A same-sex couple in Riverview, New Brunswick, Canada, arranged with a florist, Petals and Promises Wedding Flowers, to provide flowers for their upcoming wedding. The day was drawing nearer, and plans for the day were finalized. But then Petals and Promises sent an email to the engaged couple.
"I must respect my conscience before God and have no part in this matter," wrote Kim Evans, the owner of Petals and Promises Wedding Flowers, to the couple. She then nixed the order, leaving the couple without a business to provide wedding flowers.
Make no mistake: Evans has the right to hold whatever religious beliefs she wants about same-sex marriage and LGBT issues. But as a business open to the public, it is against Canadian law to refuse service to someone on the basis of sexual orientation. Moreover, Evans and Petals and Promises initially agreed to provide flowers for the wedding. It wasn't until later that they pulled their business, by writing an email to the couple that labeled their relationship immoral and against God.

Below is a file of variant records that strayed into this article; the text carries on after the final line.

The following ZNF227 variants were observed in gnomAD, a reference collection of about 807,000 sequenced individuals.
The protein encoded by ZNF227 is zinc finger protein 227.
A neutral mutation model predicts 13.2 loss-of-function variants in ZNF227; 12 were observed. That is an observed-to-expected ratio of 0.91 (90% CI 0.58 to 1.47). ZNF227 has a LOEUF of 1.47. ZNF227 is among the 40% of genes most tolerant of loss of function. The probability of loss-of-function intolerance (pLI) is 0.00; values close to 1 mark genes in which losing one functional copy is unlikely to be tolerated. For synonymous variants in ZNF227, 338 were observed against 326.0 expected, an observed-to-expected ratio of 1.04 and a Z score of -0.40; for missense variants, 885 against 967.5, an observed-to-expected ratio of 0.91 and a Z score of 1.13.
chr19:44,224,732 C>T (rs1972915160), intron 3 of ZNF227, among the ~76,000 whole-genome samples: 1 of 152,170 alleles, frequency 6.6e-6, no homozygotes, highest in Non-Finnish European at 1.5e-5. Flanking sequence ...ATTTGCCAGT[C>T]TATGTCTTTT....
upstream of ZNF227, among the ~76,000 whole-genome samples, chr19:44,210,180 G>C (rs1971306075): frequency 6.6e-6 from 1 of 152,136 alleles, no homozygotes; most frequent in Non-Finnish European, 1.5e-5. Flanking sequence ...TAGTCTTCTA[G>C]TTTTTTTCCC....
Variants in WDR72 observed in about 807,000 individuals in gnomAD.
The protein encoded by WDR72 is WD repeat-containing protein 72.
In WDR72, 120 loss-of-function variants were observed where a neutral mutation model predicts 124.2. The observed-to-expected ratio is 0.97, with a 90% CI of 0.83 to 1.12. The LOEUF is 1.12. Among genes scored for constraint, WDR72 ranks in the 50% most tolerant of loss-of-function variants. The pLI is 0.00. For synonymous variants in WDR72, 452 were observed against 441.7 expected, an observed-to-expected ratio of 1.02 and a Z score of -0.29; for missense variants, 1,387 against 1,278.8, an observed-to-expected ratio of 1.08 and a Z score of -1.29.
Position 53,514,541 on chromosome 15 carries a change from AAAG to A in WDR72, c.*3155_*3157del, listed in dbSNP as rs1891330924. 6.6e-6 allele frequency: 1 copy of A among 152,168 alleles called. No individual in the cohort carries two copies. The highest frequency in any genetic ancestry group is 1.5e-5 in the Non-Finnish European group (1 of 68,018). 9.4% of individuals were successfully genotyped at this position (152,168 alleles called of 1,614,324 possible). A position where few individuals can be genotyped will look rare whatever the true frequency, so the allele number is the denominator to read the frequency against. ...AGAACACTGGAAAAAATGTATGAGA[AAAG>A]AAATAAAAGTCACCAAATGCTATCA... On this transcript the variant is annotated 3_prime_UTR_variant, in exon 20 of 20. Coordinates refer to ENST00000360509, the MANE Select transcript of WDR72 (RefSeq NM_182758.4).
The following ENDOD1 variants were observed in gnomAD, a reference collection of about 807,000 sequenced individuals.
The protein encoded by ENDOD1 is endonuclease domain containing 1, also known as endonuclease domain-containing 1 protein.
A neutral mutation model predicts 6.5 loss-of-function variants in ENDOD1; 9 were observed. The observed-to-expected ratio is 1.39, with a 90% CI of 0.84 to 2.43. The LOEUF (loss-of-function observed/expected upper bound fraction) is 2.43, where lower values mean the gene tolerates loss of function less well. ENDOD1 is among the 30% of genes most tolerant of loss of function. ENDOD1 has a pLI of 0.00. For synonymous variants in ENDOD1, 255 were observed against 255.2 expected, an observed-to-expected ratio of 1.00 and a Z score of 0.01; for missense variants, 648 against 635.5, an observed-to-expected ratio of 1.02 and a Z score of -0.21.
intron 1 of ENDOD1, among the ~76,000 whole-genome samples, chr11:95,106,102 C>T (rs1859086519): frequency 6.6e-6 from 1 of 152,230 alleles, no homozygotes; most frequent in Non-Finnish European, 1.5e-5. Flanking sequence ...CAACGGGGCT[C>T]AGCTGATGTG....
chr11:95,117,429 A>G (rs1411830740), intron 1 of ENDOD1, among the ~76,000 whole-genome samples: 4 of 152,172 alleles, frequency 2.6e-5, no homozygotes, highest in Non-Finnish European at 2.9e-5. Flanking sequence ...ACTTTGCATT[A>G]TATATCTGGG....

This is unacceptable. The New Brunswick Human Rights Commission should investigate Petals and Promises for fostering discrimination, and should hold the business accountable for not serving all residents of New Brunswick.